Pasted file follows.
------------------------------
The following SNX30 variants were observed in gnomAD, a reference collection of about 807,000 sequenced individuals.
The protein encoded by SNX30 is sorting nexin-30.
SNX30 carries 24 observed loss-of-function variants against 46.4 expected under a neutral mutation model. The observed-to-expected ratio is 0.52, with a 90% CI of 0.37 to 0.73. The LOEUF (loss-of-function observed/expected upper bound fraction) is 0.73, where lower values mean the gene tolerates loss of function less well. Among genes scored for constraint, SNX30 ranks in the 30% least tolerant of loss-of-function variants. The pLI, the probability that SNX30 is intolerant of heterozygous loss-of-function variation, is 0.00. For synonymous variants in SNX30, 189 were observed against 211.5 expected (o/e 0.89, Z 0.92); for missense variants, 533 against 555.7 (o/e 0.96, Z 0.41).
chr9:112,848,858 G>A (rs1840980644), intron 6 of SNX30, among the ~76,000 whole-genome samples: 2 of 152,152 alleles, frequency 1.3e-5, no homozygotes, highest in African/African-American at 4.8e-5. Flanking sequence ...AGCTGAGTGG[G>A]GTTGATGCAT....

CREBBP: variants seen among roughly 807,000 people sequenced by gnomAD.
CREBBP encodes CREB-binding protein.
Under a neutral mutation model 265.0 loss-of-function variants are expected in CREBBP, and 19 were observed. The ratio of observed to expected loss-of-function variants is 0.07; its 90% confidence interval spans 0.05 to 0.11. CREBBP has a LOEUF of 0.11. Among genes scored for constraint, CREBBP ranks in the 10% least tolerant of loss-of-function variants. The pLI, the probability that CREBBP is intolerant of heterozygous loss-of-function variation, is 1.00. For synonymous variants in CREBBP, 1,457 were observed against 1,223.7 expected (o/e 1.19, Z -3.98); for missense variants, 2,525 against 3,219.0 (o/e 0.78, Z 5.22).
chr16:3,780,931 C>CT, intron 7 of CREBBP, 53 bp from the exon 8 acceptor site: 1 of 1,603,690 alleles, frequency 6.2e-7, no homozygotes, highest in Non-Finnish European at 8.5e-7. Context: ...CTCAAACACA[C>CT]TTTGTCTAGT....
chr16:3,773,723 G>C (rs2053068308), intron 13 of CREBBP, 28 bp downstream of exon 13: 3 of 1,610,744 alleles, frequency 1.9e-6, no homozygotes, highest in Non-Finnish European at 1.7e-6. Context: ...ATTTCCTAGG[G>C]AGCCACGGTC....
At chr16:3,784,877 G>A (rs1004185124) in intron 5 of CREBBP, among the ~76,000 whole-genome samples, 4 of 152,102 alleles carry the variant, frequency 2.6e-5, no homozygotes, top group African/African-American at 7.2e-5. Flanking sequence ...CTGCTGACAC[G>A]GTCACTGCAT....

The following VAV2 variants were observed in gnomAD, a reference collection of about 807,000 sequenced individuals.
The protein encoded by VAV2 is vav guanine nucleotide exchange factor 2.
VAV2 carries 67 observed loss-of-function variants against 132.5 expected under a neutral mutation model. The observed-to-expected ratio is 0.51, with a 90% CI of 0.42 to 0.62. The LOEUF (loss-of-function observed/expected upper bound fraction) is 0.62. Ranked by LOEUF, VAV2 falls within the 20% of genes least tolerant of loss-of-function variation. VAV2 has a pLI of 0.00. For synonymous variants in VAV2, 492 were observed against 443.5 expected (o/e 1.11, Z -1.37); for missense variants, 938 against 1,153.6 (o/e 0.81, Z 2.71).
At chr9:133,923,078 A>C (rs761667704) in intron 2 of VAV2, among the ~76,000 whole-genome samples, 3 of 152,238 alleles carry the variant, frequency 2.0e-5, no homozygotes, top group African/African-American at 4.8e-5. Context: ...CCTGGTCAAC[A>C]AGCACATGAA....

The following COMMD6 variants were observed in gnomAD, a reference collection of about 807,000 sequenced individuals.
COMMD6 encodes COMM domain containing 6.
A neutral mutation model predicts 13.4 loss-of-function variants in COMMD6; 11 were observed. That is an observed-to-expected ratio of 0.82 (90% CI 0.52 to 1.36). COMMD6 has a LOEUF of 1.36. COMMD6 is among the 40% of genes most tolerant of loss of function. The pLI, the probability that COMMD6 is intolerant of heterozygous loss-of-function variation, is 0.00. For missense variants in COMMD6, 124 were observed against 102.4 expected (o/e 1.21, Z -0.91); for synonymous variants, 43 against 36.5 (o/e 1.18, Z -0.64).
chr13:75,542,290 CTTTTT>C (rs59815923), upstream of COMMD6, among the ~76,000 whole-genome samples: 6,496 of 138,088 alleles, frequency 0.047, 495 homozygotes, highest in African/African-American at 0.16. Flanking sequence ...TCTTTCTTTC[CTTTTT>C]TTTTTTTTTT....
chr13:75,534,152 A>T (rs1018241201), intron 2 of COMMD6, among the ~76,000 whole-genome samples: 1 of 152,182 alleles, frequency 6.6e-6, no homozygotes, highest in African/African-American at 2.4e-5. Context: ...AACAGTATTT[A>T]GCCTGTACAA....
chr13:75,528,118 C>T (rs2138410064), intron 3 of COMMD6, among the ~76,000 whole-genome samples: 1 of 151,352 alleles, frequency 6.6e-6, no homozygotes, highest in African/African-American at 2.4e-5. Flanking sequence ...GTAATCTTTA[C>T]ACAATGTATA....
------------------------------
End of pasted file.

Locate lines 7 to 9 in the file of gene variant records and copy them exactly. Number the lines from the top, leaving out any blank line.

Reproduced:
Under a neutral mutation model 265.0 loss-of-function variants are expected in CREBBP, and 19 were observed. The ratio of observed to expected loss-of-function variants is 0.07; its 90% confidence interval spans 0.05 to 0.11. CREBBP has a LOEUF of 0.11. Among genes scored for constraint, CREBBP ranks in the 10% least tolerant of loss-of-function variants. The pLI, the probability that CREBBP is intolerant of heterozygous loss-of-function variation, is 1.00. For synonymous variants in CREBBP, 1,457 were observed against 1,223.7 expected (o/e 1.19, Z -3.98); for missense variants, 2,525 against 3,219.0 (o/e 0.78, Z 5.22).
chr16:3,780,931 C>CT, intron 7 of CREBBP, 53 bp from the exon 8 acceptor site: 1 of 1,603,690 alleles, frequency 6.2e-7, no homozygotes, highest in Non-Finnish European at 8.5e-7. Context: ...CTCAAACACA[C>CT]TTTGTCTAGT....
chr16:3,773,723 G>C (rs2053068308), intron 13 of CREBBP, 28 bp downstream of exon 13: 3 of 1,610,744 alleles, frequency 1.9e-6, no homozygotes, highest in Non-Finnish European at 1.7e-6. Context: ...ATTTCCTAGG[G>C]AGCCACGGTC....